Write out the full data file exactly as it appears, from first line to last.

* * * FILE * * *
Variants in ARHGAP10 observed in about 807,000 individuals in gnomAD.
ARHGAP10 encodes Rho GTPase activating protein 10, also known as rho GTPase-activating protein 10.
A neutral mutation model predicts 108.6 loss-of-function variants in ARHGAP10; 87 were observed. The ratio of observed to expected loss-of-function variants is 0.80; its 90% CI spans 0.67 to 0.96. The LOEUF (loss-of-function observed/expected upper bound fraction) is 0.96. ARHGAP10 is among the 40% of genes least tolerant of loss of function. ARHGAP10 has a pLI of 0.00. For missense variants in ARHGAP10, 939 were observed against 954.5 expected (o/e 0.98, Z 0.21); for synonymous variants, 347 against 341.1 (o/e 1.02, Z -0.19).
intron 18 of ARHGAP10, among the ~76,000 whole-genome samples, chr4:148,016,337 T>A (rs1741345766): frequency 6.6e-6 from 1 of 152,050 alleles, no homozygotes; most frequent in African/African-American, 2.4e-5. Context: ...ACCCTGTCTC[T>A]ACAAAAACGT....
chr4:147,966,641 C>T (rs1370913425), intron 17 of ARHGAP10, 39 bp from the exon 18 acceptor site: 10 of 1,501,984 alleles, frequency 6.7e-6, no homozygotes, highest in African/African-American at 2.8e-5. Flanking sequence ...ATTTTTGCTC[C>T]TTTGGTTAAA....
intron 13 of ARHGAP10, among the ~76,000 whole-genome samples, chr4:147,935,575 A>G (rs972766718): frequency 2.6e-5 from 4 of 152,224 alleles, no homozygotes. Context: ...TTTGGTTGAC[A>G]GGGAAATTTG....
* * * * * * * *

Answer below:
Variants in ARHGAP10 observed in about 807,000 individuals in gnomAD.
ARHGAP10 encodes Rho GTPase activating protein 10, also known as rho GTPase-activating protein 10.
A neutral mutation model predicts 108.6 loss-of-function variants in ARHGAP10; 87 were observed. The ratio of observed to expected loss-of-function variants is 0.80; its 90% CI spans 0.67 to 0.96. The LOEUF (loss-of-function observed/expected upper bound fraction) is 0.96. ARHGAP10 is among the 40% of genes least tolerant of loss of function. ARHGAP10 has a pLI of 0.00. For missense variants in ARHGAP10, 939 were observed against 954.5 expected (o/e 0.98, Z 0.21); for synonymous variants, 347 against 341.1 (o/e 1.02, Z -0.19).
intron 18 of ARHGAP10, among the ~76,000 whole-genome samples, chr4:148,016,337 T>A (rs1741345766): frequency 6.6e-6 from 1 of 152,050 alleles, no homozygotes; most frequent in African/African-American, 2.4e-5. Context: ...ACCCTGTCTC[T>A]ACAAAAACGT....
chr4:147,966,641 C>T (rs1370913425), intron 17 of ARHGAP10, 39 bp from the exon 18 acceptor site: 10 of 1,501,984 alleles, frequency 6.7e-6, no homozygotes, highest in African/African-American at 2.8e-5. Flanking sequence ...ATTTTTGCTC[C>T]TTTGGTTAAA....
intron 13 of ARHGAP10, among the ~76,000 whole-genome samples, chr4:147,935,575 A>G (rs972766718): frequency 2.6e-5 from 4 of 152,224 alleles, no homozygotes. Context: ...TTTGGTTGAC[A>G]GGGAAATTTG....